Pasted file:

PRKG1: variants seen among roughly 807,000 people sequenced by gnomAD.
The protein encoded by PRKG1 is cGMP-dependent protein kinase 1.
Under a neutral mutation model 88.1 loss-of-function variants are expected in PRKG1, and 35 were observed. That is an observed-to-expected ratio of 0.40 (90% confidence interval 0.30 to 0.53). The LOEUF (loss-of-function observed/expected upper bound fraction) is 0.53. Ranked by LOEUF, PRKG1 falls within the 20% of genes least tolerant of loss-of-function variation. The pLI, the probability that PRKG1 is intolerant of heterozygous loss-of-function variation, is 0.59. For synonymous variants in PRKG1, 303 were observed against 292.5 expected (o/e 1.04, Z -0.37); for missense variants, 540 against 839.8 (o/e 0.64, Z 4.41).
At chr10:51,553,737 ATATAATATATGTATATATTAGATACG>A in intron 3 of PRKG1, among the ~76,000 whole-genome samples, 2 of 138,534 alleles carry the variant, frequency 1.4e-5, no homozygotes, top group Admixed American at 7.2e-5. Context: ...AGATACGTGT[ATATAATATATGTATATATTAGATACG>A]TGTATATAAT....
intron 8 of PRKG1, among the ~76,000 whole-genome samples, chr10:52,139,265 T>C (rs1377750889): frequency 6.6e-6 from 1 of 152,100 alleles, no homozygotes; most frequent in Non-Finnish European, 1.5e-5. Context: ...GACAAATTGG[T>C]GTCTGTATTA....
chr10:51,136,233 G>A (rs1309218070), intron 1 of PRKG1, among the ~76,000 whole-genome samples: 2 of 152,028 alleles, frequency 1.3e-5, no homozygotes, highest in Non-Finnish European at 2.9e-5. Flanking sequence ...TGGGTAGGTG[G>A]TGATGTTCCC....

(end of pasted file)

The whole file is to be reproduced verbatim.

PRKG1: variants seen among roughly 807,000 people sequenced by gnomAD.
The protein encoded by PRKG1 is cGMP-dependent protein kinase 1.
Under a neutral mutation model 88.1 loss-of-function variants are expected in PRKG1, and 35 were observed. That is an observed-to-expected ratio of 0.40 (90% confidence interval 0.30 to 0.53). The LOEUF (loss-of-function observed/expected upper bound fraction) is 0.53. Ranked by LOEUF, PRKG1 falls within the 20% of genes least tolerant of loss-of-function variation. The pLI, the probability that PRKG1 is intolerant of heterozygous loss-of-function variation, is 0.59. For synonymous variants in PRKG1, 303 were observed against 292.5 expected (o/e 1.04, Z -0.37); for missense variants, 540 against 839.8 (o/e 0.64, Z 4.41).
At chr10:51,553,737 ATATAATATATGTATATATTAGATACG>A in intron 3 of PRKG1, among the ~76,000 whole-genome samples, 2 of 138,534 alleles carry the variant, frequency 1.4e-5, no homozygotes, top group Admixed American at 7.2e-5. Context: ...AGATACGTGT[ATATAATATATGTATATATTAGATACG>A]TGTATATAAT....
intron 8 of PRKG1, among the ~76,000 whole-genome samples, chr10:52,139,265 T>C (rs1377750889): frequency 6.6e-6 from 1 of 152,100 alleles, no homozygotes; most frequent in Non-Finnish European, 1.5e-5. Context: ...GACAAATTGG[T>C]GTCTGTATTA....
chr10:51,136,233 G>A (rs1309218070), intron 1 of PRKG1, among the ~76,000 whole-genome samples: 2 of 152,028 alleles, frequency 1.3e-5, no homozygotes, highest in Non-Finnish European at 2.9e-5. Flanking sequence ...TGGGTAGGTG[G>A]TGATGTTCCC....